A woman who had her car impounded and received a 90-day driving suspensions despite having her son drive her has gotten her licence and vehicle back.
The woman, who was pulled over by traffic police the weekend of Dec. 14 near Nelson, was impaired. However, the lawyer who represented her said she was not driving.
According to lawyer Sarah Leamon, the woman’s sober son was driving but police felt there was a danger the mother could reach over and grab the wheel. The woman was given a 90-day immediate roadside prohibition and had her car impounded.
On Sunday, Leamon said the woman’s licence was “reinstated and the vehicle was released from impound” on Friday.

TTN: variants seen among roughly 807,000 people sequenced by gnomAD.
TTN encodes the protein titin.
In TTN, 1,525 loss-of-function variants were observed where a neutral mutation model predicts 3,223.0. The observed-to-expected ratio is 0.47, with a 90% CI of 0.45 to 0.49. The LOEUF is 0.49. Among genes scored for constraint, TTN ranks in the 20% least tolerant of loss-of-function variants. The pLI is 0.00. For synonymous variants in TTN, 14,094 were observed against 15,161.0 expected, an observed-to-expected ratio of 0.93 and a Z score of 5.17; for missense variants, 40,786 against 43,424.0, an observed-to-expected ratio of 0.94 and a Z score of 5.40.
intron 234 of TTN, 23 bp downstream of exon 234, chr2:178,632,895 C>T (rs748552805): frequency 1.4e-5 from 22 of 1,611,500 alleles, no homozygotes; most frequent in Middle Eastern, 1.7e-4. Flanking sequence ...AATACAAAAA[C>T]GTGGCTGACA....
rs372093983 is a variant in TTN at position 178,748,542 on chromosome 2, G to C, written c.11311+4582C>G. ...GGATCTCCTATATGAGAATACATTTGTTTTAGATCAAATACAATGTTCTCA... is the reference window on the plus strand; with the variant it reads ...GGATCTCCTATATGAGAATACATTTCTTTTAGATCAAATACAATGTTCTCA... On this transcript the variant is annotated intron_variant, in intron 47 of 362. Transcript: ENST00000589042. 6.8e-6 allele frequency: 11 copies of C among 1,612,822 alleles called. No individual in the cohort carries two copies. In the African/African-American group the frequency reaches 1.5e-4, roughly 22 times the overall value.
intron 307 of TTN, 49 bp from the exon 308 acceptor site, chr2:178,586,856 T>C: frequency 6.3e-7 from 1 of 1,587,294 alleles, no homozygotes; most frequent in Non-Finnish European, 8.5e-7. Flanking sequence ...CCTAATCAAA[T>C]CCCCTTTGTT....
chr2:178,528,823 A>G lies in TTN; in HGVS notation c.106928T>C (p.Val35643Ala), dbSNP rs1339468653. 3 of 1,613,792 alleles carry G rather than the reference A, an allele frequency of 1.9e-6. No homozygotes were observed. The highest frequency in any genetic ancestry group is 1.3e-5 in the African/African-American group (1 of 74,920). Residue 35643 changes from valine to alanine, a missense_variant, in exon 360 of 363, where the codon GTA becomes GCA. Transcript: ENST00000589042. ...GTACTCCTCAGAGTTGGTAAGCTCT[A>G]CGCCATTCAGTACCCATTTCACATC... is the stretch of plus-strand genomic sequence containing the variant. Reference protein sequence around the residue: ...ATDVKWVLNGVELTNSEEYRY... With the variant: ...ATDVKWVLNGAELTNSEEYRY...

In an email to Black Press Media, RCMP Sgt. Chad Badry said the son was a learner driver, a licence that requires a supervisor 25 years old or over to be in the car beside the driver.
He said that as the mother, who was sitting beside the driver, was the supervisor, she was given a breathalyzer, which she failed, resulting in the immediate roadside prohibition and impounding of the car.
Badry said the immediate roadside prohibition and impounding of the car was reversed following a review with Road Safety BC.
According to Badry, the initial immediate roadside prohibition was issued because police believed “the passenger, who was supervising the class 7L driver, and therefore had care or control of the motor vehicle, was impaired by alcohol.”
“The driver could have been issued violation tickets, but the police officer chose to use discretion and gave a verbal warning instead,” Badry said.
The B.C. Motor Vehicle Act does not specify that the supervisor for a learner driver must be sober.